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Virtual Progress: How Avegant Glyph Stands to Provide a Leap in Immersion Technology

It’s already been a good year for followers of the burgeoning VR industry, and we’re not yet a month into it. Those who got a taste of the latest Oculus Rift prototype at CES 2014 heaped praise upon it, then a Valve-built headset at Steam Dev Days inspired rapturous reviews. While we now know that Oculus VR and Valve are indeed working together (presumably leading to a smooth marriage of Rift hardware and Valve software), Avegant Glyph is a very different beast, and exemplifies the kind of varied innovation we can seemingly expect as 2014 kicks into gear. What exactly is this thing, and how much do you want it? Answering in reverse order, ‘a lot’ and ‘I’ll explain after an illustrative break.’


Attracting Attention

The Glyph is a Kickstarter-funded prospective head-mounted virtual reality device, rather like the Oculus Rift but with integrated headphones for an all-round premium feel. The other teeny tiny difference that might interest some people is that it functions through bouncing light off mirrors and into your retinas instead of situating screens in front of your eyes. CNET checked out an early version last year; it seemed promising at the time, but clearly was not ready for the limelight. Now, though, the concept has been polished enough to show the public, and the reaction thus far has been extremely positive. When Avegant set the Kickstarter ball rolling recently, the ball rolled so far so quickly that it threatened to run out of track and disappear up a wall. Attracting over twice their goal within days has to be a pleasing start for them, so let’s see if they can push on and deliver.

Fresh Core Concept

The appeal of the Glyph’s approach is that it better mimics how sight naturally functions, offering—in theory—greater comfort and no latency issues. On the evidence of the FAQ on the Kickstarter page, it looks very much like they’ve worked things through impressively thoroughly, and the array of endorsements from reputable publications is very handy as we might otherwise be tempted to place too much faith in information provided by people with a vested interest in the Glyph’s success. After all, whenever something like this comes along, everyone wants it to succeed.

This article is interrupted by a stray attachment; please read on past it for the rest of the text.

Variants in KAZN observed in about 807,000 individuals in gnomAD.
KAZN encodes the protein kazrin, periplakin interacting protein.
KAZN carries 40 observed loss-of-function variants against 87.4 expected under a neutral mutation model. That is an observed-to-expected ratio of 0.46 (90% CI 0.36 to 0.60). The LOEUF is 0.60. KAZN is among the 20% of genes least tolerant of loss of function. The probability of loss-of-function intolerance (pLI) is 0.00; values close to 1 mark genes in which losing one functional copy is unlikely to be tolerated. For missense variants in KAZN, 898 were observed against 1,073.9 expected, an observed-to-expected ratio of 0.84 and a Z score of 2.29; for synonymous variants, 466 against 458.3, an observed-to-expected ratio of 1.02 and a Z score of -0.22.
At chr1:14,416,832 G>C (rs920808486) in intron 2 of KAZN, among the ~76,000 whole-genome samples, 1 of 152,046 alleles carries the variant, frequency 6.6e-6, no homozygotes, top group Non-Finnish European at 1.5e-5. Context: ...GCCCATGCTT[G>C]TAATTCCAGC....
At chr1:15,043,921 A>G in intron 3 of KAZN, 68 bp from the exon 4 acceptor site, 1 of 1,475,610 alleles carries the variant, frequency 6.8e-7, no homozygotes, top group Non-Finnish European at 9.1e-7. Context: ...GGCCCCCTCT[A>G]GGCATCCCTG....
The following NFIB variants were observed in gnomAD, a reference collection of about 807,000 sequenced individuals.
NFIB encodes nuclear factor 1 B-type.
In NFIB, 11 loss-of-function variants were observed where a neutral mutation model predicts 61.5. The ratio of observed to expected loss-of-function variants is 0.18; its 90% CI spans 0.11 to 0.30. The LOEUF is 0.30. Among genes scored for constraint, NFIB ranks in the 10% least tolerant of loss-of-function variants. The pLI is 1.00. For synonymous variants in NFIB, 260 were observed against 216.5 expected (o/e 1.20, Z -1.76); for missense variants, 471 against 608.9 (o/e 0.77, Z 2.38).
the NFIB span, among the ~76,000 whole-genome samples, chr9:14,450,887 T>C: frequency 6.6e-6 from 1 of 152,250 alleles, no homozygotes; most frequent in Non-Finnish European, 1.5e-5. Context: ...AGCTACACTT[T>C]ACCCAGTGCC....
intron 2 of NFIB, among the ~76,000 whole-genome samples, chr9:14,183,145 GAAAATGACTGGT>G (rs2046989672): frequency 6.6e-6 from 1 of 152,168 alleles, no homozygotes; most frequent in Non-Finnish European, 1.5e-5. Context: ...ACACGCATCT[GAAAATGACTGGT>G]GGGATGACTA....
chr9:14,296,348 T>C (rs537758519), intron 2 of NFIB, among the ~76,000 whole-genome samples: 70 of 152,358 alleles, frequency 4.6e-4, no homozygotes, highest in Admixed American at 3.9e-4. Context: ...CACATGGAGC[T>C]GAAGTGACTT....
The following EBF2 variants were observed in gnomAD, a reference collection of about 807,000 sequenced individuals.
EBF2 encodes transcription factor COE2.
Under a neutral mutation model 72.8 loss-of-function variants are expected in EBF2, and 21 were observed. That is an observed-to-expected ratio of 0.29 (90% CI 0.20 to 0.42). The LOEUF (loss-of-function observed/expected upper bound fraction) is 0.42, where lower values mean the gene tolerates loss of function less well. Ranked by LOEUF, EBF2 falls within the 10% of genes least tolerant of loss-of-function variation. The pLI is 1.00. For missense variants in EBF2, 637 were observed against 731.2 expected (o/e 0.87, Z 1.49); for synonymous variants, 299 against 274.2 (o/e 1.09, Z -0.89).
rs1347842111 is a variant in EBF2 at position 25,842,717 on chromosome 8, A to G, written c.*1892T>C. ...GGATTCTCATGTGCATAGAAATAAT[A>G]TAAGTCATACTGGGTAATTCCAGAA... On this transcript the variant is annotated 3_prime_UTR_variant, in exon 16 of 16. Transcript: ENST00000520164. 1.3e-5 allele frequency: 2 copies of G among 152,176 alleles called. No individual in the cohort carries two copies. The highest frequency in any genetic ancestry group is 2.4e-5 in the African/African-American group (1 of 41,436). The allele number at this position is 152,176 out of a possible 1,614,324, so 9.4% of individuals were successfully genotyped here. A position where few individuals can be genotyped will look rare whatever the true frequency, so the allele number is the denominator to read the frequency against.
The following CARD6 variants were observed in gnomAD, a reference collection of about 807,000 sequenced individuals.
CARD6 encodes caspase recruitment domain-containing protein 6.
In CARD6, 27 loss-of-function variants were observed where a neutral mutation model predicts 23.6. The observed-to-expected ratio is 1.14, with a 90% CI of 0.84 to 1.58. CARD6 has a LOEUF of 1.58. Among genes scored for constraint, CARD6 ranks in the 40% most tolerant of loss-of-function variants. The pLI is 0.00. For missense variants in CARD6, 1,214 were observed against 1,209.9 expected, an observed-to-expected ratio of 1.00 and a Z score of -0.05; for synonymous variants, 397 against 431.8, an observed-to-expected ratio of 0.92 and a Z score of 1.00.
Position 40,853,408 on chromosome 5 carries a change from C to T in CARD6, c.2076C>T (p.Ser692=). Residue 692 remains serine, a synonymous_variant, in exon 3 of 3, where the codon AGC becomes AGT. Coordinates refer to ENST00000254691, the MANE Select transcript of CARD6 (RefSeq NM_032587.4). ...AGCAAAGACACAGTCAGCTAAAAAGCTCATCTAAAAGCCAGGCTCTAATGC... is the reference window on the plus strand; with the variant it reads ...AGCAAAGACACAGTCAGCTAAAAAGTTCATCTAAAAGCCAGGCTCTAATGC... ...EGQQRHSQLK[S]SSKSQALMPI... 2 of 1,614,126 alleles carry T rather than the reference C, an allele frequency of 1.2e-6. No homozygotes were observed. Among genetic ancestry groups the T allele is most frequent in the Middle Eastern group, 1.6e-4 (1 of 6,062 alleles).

Only time will tell if all the claims are accurate, though. I happen to be rather short-sighted and need glasses. Apparently, I wouldn’t need my glasses with the Glyph, being “able to adjust the diopters in the Glyph to accommodate a wide variety of prescriptions and pupillary distances.” That sounds wonderful, but could it possibly be so simple? While I mean that to be mildly rhetorical, it’s also a genuine question; I’m not scientifically equipped to judge the technicalities.

Price of Admission

If you want to back the Glyph and get yourself a shiny Glyph Beta by the end of the year (assuming Avegant doesn’t collapse under the pressure), it’ll set you back a cool $499, or about the price of a pretty nice monitor. It’s a bit rich for my blood at the moment, but given what the product is set to offer, it seems reasonable. I heartily encourage you to place down your money so that down the line I may pick up a better version for a cheaper price. Go forth, brave pioneers!

Like Looking Directly Into the Sun, Only Safe

Before we look ahead, let’s all acknowledge that it sounds too good to be true. It does, it really does! Don’t lie, you over there. We’ve been burned before by VR products that promised the world but delivered nothing but disappointment, so excuse my stubborn scepticism. While I understand that my eyes have a sterling history of reacting well to low-level light bouncing into them, the artificial nature of the Glyph gives me a sense of unease, like I’m about to get my corneas forcefully reshaped. I’m very open-minded though, so if Avegant felt compelled to send me a free prototype in an effort to convince me to look past my fears, I would grudgingly take possession of such an item and warily use it for sixty straight hours, or until my brain shut down in the interest of self-preservation.

In truth, I absolutely love immersive experiences, and I want one now; I’m just trying to keep my hopes down so I won’t be crushed if it doesn’t measure up to the hype. That might be the best approach right now, in fact, at least if you don’t feel like stumping up just under $500 for a speculative venture.